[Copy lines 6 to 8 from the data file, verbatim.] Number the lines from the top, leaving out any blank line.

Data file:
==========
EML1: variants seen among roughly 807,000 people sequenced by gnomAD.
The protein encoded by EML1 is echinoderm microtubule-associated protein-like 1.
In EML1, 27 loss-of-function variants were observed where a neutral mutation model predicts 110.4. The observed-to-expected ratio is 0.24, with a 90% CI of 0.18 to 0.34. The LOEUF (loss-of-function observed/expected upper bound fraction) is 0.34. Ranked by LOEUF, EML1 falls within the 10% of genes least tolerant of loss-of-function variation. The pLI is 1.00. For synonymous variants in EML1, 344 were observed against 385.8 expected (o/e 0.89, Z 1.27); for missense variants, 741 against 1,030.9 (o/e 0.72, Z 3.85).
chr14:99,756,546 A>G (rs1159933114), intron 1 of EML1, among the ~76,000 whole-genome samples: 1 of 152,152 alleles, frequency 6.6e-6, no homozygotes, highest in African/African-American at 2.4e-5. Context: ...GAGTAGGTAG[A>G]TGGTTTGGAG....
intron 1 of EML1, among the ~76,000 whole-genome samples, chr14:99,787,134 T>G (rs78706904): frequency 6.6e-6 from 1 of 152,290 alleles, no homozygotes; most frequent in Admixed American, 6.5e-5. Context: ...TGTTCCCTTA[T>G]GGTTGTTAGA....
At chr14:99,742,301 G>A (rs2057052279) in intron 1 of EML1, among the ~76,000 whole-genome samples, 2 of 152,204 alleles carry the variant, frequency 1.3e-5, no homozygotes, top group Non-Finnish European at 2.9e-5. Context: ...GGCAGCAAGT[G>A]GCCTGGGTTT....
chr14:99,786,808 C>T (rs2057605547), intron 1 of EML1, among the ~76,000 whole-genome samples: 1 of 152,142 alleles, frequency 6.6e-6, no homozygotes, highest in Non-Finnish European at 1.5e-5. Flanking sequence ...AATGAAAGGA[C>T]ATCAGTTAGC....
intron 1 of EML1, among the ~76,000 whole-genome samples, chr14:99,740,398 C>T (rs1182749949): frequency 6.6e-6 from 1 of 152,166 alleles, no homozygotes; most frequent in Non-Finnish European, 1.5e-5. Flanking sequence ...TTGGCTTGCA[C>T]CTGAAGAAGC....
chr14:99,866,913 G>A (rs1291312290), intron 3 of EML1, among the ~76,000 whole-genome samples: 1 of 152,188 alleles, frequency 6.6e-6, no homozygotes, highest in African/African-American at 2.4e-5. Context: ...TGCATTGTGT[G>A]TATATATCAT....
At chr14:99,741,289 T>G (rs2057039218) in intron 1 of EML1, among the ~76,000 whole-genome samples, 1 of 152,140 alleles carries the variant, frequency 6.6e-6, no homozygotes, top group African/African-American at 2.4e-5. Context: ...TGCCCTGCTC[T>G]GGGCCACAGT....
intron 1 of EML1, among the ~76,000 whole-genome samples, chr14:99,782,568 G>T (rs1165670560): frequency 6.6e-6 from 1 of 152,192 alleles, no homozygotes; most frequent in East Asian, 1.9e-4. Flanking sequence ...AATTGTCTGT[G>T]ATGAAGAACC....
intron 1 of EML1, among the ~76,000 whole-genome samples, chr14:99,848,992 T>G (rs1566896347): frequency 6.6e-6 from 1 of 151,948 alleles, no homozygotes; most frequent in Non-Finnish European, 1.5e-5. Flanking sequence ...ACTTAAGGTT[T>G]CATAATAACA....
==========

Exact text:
At chr14:99,742,301 G>A (rs2057052279) in intron 1 of EML1, among the ~76,000 whole-genome samples, 2 of 152,204 alleles carry the variant, frequency 1.3e-5, no homozygotes, top group Non-Finnish European at 2.9e-5. Context: ...GGCAGCAAGT[G>A]GCCTGGGTTT....
chr14:99,786,808 C>T (rs2057605547), intron 1 of EML1, among the ~76,000 whole-genome samples: 1 of 152,142 alleles, frequency 6.6e-6, no homozygotes, highest in Non-Finnish European at 1.5e-5. Flanking sequence ...AATGAAAGGA[C>T]ATCAGTTAGC....
intron 1 of EML1, among the ~76,000 whole-genome samples, chr14:99,740,398 C>T (rs1182749949): frequency 6.6e-6 from 1 of 152,166 alleles, no homozygotes; most frequent in Non-Finnish European, 1.5e-5. Flanking sequence ...TTGGCTTGCA[C>T]CTGAAGAAGC....